President Muhammadu Buhari has finally explained what he meant by the remarks he recently made about Nigerian youths that led to widespread criticisms while he was away in London.
DAILY POST recalls that while speaking at the Commonwealth Business Forum in Westminster penultimate week, President Buhari remarked that a lot of Nigerian youths were lazy and waiting on just governmnet.
“More than 60 percent of the population is below 30, a lot of them haven’t been to school and they are claiming that Nigeria has been an oil producing country, therefore, they should sit and do nothing, and get housing, healthcare, education free,” he said.
Even though the comment was interpreted as a dismissal of the work ethic of most Nigerian youths and drew criticism from political opponents and the public, the president had never directly explained his remarks.
However, while speaking during an interview with Voice of America, Hausa service, in Washington, United States on Tuesday, the President said his words were misinterpreted by the media who love to do what they like.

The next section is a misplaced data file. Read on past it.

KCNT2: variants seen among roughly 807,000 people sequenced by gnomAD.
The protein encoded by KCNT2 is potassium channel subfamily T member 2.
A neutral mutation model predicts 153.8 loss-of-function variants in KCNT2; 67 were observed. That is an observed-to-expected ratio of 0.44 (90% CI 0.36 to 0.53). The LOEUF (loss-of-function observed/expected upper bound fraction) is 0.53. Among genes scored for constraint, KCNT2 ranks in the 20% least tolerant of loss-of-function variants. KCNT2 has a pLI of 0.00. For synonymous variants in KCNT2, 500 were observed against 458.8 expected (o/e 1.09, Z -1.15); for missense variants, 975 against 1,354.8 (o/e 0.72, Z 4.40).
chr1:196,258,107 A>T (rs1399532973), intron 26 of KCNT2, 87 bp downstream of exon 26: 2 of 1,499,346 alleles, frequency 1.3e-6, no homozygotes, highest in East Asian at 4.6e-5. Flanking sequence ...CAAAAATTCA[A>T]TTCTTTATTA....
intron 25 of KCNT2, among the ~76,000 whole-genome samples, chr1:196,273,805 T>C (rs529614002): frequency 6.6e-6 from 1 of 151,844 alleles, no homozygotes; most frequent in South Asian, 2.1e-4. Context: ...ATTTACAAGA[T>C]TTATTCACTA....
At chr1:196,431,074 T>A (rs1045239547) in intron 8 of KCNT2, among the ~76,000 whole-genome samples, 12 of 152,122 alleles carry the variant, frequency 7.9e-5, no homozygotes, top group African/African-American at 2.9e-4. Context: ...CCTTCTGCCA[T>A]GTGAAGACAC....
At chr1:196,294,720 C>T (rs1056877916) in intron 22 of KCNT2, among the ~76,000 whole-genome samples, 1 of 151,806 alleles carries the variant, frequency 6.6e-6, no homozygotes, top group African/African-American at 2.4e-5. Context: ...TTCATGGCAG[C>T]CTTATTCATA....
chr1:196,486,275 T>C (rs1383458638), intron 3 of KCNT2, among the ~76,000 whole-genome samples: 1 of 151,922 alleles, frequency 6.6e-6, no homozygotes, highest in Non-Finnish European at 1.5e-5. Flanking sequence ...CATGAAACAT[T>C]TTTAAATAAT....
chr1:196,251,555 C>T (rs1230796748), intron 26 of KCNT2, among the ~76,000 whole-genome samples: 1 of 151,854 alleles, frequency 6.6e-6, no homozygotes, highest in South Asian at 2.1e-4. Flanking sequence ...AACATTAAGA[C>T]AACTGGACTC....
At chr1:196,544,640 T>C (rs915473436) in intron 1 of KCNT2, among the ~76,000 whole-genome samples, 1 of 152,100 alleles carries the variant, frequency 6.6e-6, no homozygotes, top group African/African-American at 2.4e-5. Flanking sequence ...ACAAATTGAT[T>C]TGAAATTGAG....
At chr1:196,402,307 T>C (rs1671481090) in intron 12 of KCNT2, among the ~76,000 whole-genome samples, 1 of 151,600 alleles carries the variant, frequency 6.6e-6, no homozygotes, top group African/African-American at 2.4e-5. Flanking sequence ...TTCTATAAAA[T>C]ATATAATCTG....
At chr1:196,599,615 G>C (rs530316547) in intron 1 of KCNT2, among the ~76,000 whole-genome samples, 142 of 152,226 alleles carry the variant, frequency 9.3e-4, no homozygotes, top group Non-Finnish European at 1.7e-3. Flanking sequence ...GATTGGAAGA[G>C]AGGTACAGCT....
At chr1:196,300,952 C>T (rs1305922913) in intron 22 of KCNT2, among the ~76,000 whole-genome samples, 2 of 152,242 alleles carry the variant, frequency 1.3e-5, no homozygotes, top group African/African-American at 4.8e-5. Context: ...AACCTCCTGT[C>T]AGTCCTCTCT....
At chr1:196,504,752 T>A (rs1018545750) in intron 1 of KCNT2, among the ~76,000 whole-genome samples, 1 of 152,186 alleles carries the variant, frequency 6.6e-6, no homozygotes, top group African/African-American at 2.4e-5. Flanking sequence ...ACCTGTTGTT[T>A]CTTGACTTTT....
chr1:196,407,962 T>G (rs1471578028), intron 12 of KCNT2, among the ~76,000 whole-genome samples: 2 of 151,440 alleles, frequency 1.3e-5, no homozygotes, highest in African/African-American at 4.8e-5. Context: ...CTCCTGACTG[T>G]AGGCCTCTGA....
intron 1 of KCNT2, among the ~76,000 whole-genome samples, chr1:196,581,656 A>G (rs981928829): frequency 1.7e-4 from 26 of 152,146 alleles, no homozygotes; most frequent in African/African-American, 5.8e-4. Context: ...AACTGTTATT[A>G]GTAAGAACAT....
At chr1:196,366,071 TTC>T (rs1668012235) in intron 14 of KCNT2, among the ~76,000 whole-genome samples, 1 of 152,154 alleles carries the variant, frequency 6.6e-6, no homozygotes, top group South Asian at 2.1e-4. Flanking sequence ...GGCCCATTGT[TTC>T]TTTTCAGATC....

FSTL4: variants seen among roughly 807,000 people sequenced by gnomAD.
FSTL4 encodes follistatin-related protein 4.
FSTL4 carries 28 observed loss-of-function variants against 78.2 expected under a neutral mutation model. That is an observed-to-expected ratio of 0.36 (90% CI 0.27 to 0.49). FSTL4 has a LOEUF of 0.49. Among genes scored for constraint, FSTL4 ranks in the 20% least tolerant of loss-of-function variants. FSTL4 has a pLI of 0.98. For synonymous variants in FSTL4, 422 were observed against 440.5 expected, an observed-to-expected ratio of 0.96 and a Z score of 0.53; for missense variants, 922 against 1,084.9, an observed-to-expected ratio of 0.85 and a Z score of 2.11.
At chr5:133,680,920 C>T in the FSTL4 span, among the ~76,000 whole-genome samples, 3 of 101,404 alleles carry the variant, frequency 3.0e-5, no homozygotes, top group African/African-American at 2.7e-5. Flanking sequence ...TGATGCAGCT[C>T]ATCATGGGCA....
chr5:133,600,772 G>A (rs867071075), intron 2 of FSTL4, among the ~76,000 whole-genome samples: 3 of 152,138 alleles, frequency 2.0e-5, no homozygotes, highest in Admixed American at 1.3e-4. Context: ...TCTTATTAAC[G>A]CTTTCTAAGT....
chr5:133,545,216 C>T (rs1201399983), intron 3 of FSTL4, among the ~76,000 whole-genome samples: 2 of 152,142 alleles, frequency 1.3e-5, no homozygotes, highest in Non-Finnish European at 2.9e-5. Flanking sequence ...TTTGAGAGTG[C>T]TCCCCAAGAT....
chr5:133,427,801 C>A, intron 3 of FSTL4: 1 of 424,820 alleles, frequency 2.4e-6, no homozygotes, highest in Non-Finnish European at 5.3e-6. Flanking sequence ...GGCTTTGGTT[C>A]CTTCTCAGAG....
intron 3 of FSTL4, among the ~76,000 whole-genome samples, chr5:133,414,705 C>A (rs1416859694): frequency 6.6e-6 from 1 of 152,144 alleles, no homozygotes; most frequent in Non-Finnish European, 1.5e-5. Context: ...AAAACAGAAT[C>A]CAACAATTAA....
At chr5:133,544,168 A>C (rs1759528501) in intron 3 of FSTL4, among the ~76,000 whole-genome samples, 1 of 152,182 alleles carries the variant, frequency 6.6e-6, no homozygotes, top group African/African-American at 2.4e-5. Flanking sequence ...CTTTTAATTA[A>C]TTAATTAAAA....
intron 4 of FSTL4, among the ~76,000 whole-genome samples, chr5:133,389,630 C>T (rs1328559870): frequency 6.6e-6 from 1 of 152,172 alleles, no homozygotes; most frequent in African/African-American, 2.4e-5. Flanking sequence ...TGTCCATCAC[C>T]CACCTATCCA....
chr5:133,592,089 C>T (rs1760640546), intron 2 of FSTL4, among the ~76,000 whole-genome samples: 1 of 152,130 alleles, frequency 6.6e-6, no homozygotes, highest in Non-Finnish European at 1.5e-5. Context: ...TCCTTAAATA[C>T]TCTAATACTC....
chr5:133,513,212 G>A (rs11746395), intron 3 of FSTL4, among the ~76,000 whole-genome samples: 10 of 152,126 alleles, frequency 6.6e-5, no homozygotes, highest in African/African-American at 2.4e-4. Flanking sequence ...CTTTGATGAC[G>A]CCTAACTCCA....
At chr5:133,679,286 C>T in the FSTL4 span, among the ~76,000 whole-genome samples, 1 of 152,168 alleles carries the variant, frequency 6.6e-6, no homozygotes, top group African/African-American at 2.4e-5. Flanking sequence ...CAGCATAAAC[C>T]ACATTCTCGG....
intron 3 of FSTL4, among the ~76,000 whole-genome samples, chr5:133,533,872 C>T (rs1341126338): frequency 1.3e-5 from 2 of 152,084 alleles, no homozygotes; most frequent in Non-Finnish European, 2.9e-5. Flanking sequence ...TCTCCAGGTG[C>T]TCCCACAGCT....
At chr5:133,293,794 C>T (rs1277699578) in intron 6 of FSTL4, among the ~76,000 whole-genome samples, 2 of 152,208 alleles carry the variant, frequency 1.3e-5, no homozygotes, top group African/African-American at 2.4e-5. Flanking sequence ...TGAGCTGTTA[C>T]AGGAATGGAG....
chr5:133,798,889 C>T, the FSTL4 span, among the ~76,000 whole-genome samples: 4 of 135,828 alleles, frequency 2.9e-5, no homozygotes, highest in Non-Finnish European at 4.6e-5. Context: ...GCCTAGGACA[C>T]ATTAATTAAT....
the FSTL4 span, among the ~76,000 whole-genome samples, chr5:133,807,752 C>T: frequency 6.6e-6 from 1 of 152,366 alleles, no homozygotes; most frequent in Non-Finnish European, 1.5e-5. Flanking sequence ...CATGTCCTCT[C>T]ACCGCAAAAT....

He explained, “You know Nigeria’s population is now between 180 and 190 million and 60 per cent of this population is youth that is 30 years downward.
“You know in the North most youths are uneducated or school dropouts. If not because we had good harvests in the last two farming seasons, the situation would have been deteriorated.
“These youths even if they travel out of the North for greener pasture ,they hardly make it economically because what they earn as income cannot afford them to meet their basic needs or return home.
“All these explanations I made, they refused to highlight them in their report and you know the media in Nigeria in most cases only do what they like.
“For instance the nation’s achievements in the agricultural sector where millions of Nigerians benefited financially were left unreported by the media.”
President Buhari is currently on a working visit to overseas where he has met his US counterpart, President Donald Trump, at the White House.